TortsProf Blog

Editor: Christopher J. Robinette
Southwestern Law School

Wednesday, May 7, 2008

Fine Against X-Ray Outfit Upheld

So the folks at Provost Umphrey hired MOST Health Services, Inc., to do screening of 161 people for potential silicosis injuries.  The screenings took place at various hotels in Pennsylvania.  Only problem -- oops! -- MOST didn't comply with the state regulations on x-ray screenings, failing to get either Department of Environmental Protection approval or the presence of a licensed health professional at the screenings.  The DEP fined the company $80,500 ($500 per unauthorized screening).  The company appealed, not challenging liability but the amount of the fine, which it contended was excessive.

The Environmental Hearing Board upheld the fine: Download mosthealth.pdf

The Board concluded that though it found MOST's behavior to be closer to negligent than reckless (disagreeing with the lower officer), it concluded that the amount of the fine was not excessive.  The majority focused on the fact that the lower officer had already reduced the fine significantly from the default amount ($805,000).

A lively concurrence said that a much higher fine would have been appropriate too ("Before X-raying, Provost Umphry did not inquire of the patients as to their medical history, but it did make sure to have them sign contingent fee agreements respecting occupational exposure litigation."; "MHI is not entitled to a volume discount.").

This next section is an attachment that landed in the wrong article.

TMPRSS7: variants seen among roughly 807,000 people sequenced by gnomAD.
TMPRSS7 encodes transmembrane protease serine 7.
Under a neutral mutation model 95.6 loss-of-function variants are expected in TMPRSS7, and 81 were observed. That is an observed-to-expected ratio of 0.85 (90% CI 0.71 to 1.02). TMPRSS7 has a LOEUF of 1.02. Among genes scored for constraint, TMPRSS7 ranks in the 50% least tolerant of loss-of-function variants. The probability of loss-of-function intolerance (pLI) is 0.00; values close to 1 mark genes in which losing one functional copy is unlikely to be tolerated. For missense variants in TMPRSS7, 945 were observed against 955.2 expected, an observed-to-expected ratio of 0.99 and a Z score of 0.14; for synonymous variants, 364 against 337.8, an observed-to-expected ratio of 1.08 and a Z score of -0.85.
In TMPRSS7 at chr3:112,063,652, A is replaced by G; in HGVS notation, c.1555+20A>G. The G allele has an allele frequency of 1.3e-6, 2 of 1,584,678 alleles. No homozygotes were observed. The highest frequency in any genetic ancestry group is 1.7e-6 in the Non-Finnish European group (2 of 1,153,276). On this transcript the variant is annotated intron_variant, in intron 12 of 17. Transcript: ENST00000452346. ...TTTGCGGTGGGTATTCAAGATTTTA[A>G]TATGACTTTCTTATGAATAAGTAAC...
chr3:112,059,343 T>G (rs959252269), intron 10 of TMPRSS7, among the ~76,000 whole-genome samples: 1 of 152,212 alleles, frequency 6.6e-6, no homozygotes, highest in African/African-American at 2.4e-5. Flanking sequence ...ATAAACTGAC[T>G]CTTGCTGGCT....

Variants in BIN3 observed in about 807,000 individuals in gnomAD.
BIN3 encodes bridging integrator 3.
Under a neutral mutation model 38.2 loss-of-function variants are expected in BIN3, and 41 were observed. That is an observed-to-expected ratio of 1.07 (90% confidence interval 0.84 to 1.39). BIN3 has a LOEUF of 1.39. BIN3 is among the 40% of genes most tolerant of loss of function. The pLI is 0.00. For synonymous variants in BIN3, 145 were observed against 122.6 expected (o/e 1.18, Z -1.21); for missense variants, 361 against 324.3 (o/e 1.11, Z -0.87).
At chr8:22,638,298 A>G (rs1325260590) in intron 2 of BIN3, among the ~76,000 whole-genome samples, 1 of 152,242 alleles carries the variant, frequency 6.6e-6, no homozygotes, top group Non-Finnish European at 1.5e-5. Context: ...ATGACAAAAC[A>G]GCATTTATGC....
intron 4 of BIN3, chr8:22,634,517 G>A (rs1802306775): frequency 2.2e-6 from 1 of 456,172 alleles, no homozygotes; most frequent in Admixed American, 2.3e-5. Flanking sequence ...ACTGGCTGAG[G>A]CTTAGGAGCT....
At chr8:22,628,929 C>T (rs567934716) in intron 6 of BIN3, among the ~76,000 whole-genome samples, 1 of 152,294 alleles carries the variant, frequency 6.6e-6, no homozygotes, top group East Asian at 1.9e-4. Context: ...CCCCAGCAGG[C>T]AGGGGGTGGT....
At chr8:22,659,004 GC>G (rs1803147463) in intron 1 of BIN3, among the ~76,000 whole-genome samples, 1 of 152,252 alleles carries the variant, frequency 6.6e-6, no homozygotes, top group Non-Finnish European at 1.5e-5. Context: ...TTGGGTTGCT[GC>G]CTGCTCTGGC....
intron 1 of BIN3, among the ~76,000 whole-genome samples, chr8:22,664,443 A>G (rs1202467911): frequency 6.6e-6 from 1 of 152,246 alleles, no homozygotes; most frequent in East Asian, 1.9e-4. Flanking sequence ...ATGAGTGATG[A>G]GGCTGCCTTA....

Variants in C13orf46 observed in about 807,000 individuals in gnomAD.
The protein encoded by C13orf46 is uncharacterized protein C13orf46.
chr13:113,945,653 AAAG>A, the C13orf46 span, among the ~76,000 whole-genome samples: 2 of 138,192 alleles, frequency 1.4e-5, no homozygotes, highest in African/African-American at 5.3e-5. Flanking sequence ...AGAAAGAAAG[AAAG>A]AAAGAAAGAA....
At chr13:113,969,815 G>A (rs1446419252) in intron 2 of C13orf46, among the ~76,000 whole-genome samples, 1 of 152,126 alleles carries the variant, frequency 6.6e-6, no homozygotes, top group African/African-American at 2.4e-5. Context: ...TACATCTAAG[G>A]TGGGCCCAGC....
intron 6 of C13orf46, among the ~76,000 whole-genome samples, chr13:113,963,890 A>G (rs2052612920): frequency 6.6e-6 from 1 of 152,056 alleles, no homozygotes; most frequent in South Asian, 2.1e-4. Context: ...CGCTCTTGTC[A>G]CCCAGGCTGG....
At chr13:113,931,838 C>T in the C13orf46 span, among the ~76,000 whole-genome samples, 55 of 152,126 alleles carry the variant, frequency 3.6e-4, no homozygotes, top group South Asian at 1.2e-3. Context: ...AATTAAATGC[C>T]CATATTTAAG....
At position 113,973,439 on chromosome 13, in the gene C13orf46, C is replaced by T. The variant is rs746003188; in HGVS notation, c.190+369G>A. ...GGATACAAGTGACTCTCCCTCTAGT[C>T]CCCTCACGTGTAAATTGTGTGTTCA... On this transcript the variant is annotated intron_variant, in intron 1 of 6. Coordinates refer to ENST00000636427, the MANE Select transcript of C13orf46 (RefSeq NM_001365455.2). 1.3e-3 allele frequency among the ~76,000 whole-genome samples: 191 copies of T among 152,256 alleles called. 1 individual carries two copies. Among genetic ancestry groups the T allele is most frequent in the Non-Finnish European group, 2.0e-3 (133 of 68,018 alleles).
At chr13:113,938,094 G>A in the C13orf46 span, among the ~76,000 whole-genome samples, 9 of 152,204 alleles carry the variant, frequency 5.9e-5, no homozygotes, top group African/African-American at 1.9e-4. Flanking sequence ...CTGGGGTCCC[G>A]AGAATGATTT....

And a dissent argues, more or less, that it would have been trivial to obtain approval of either DEP or of a physician, and so a much smaller fine would be appropriate.


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Provost, a Texas law firm, "ordered" X-rays of 161 people in Pennsylvania?

1) Is that the unauthorized practice of medicine by Provost? Or of nursing or of any other licensed profession able to order the X-ray?

2) Does the fine make any finding void for irregularity or void for illegality? Whichever it is, is there a per se exclusionary rule in civil litigation for illegal or irregular evidence?

3) If Provost is the inducer of this irregularity, what happens if anything to them?

BC notes: I don't know how it's played out in the ultimate litigation. The order makes clear that the x-rays were apparently done correctly; at least some of the authors of the various opinions state that it would have been easy to get a doctor to sign off on the work, so that might suggest that the results are admissible. And this entity has no oversight over out-of-state law firms, and I've no idea what's happened, if anything, to Provost.

Posted by: Supremacy Claus | May 9, 2008 5:53:56 AM

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